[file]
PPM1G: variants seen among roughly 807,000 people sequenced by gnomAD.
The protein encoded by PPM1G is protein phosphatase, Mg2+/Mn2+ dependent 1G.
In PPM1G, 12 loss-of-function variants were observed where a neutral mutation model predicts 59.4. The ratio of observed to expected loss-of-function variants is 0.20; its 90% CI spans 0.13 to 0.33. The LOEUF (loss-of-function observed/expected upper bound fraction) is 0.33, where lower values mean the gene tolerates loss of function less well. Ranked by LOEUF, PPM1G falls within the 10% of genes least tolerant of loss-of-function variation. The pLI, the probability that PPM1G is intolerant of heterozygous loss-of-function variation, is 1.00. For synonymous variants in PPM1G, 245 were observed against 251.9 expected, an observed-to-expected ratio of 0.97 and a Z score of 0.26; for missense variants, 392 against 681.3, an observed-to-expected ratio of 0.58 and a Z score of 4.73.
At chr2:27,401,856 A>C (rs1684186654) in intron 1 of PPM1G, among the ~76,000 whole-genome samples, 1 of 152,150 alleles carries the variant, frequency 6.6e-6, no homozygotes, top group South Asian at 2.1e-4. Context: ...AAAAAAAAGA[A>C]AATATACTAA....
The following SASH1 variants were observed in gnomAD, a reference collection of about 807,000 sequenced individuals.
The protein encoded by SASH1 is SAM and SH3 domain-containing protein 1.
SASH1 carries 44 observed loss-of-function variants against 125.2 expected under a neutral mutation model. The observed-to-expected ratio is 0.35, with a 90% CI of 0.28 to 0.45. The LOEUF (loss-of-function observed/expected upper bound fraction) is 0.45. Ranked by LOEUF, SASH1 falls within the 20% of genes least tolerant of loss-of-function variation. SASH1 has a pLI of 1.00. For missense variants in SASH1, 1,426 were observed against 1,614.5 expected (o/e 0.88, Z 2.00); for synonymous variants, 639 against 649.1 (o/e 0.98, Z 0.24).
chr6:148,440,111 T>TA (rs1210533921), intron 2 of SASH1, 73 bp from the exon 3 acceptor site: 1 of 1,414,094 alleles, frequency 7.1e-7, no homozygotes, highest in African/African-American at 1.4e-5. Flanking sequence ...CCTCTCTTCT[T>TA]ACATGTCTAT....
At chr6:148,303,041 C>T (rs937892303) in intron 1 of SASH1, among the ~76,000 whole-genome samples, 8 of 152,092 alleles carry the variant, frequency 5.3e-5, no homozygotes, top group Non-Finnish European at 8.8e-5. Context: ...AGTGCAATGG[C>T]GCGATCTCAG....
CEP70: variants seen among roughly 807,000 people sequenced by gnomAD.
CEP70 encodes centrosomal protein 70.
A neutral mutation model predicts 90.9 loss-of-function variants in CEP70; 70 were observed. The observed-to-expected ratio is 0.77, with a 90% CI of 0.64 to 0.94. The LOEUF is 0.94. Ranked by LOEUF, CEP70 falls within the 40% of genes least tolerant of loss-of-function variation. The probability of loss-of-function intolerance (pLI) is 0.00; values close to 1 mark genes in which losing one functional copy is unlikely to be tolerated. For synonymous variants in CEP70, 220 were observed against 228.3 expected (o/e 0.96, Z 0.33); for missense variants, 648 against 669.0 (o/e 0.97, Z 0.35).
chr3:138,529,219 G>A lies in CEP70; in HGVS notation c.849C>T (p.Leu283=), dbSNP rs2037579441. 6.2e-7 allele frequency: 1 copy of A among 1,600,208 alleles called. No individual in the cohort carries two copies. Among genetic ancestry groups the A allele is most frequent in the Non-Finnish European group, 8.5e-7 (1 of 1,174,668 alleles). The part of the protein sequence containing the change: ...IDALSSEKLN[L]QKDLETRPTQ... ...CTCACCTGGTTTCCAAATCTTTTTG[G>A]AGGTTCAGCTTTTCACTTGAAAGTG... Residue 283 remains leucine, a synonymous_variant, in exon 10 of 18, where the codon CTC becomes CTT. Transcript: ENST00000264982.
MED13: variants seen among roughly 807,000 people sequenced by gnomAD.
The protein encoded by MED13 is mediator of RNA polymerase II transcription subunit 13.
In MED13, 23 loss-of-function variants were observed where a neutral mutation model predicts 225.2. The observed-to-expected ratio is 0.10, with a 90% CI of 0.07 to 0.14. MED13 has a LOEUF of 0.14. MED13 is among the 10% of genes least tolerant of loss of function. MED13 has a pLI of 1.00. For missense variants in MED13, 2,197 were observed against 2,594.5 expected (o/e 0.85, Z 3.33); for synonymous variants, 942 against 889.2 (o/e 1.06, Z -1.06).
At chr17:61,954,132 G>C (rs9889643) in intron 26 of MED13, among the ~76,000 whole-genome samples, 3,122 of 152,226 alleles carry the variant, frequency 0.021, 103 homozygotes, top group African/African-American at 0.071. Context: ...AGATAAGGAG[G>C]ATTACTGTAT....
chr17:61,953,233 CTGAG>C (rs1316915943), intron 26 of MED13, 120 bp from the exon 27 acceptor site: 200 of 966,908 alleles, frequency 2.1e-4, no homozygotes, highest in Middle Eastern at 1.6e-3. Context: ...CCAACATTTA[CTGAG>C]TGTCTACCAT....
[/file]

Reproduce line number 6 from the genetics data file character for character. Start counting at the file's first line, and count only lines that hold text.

The protein encoded by SASH1 is SAM and SH3 domain-containing protein 1.